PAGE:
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Successful OSCE Security Days on the role of the OSCE in the 21st century

Stephanie Liechtenstein
Analysis24 June 2013

On 17 and 18 June, the OSCE Secretary General, Lamberto Zannier, hosted an impressive two-day event in Vienna on the role of the OSCE in the 21st century. Launched for the first time in 2012, the so-called OSCE Security Days serve as a forum for dialogue between the OSCE on the one hand and prominent practitioners and experts from think tanks, civil society, academia, media and youth organizations on the other hand. The 2013 Security Days conference gathered around 400 participants from 60 countries. Discussions were held in a very transparent manner. The entire event was web-streamed live and four large screens in the conference hall displayed Twitter posts that addressed questions and comments directly to the respective panels. A Q and A session was held at the end of each panel, thus facilitating an interactive discussion and active participation from the floor. The conference consisted of eight panels that could roughly be divided into two parts. The first part dealt with current security threats inside and outside the OSCE region. The second part focused on finding new and innovative ways to address those threats, particularly through the OSCE.

During the first part of the Security Days conference, many panelists stressed that a community of values was a precondition for a security community. Some panelists observed that “new democracies” and “old democracies” perceived values differently, but that eventually there would be a convergence of perception. There was considerable overlap in the perception of the threats that this security community is facing. Issues such as terrorism, organized crime, economic fragility, corruption, cyber-crime, or climate change cannot be tackled by one country alone. However, panelists differed with regard to finding the right security policies to counter those threats.

A number of panelists underlined the need to overcome lingering perceptions from the past. John Kornblum, former US Ambassador to Germany and to the OSCE stressed the importance of avoiding to “paint problems in a Cold War fashion.” “The Cold War is over,” he stressed, adding that, “before the Cold War, the Russian Federation and the United States were never enemies.” Picking up on this, Igor Ivanov, former Minister of Foreign Affairs of the Russian Federation described NATO enlargement as “a big mistake” that led to “suspicion” and openly asked the question to the panel and the audience of what the purpose of this enlargement was. He called for a new Euro-Atlantic security architecture and added that no existing international organization addresses the current security threats adequately. Many panelists also referred back to the CSCE/Helsinki Final Act and its principles. They questioned whether those principles still hold true today, and if they are adequate to address contemporary security threats.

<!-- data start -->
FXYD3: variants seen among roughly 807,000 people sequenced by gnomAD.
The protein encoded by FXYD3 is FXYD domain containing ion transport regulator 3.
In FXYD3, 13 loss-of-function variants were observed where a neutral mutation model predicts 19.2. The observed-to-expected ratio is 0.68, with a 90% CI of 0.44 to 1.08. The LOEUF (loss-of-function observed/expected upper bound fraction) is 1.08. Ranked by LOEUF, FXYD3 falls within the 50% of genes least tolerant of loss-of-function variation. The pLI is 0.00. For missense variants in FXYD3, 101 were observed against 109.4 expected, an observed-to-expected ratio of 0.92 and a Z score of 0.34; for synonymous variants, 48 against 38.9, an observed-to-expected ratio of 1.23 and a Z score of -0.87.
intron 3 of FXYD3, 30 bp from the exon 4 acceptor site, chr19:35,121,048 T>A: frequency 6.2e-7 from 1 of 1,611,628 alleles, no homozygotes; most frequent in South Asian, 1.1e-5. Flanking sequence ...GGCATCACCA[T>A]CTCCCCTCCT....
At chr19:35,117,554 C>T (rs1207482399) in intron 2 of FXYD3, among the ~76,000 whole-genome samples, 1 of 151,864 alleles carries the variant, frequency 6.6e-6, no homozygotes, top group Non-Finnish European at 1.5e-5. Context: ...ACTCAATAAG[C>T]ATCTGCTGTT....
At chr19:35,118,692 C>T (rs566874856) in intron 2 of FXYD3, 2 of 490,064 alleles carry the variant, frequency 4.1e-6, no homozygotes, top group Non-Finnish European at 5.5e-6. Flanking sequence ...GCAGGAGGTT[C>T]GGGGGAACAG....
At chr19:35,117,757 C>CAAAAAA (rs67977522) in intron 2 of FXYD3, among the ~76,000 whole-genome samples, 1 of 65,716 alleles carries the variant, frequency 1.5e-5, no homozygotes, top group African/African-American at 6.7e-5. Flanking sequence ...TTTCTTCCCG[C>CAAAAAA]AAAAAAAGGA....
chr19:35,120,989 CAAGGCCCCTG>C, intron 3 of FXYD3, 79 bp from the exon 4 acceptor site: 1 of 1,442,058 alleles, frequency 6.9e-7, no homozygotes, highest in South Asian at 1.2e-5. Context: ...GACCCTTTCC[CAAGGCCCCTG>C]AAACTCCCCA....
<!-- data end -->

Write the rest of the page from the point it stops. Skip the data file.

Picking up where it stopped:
One panel focused on challenges stemming from security developments in the OSCE neighborhood, including Afghanistan and North Africa. The Arab Spring, the Syrian refugee crisis as well as drug trafficking from Afghanistan were mentioned as having a direct or indirect impact on the OSCE region. Panelists acknowledged the fact that the security of the OSCE area is inextricably linked to that of its neighbors. During this panel, Mohamed Imhammed Abdul-Aziz, Minister of Foreign Affairs of Libya, submitted his country’s application to become an OSCE Partner for Cooperation. (Separate upcoming blog on this issue).

A “night owl” session was held on the evening of the first day of the conference. With a focus on how social media and other online tools can assist in political change and conflict management, the topic fitted neatly into the whole interactive concept of the Security Days conference. The panel of the night owl session was mainly reserved for young people who presented the newest technological tools, for example an app that allows citizens in Georgia to report security threats following the 2008 war with Russia.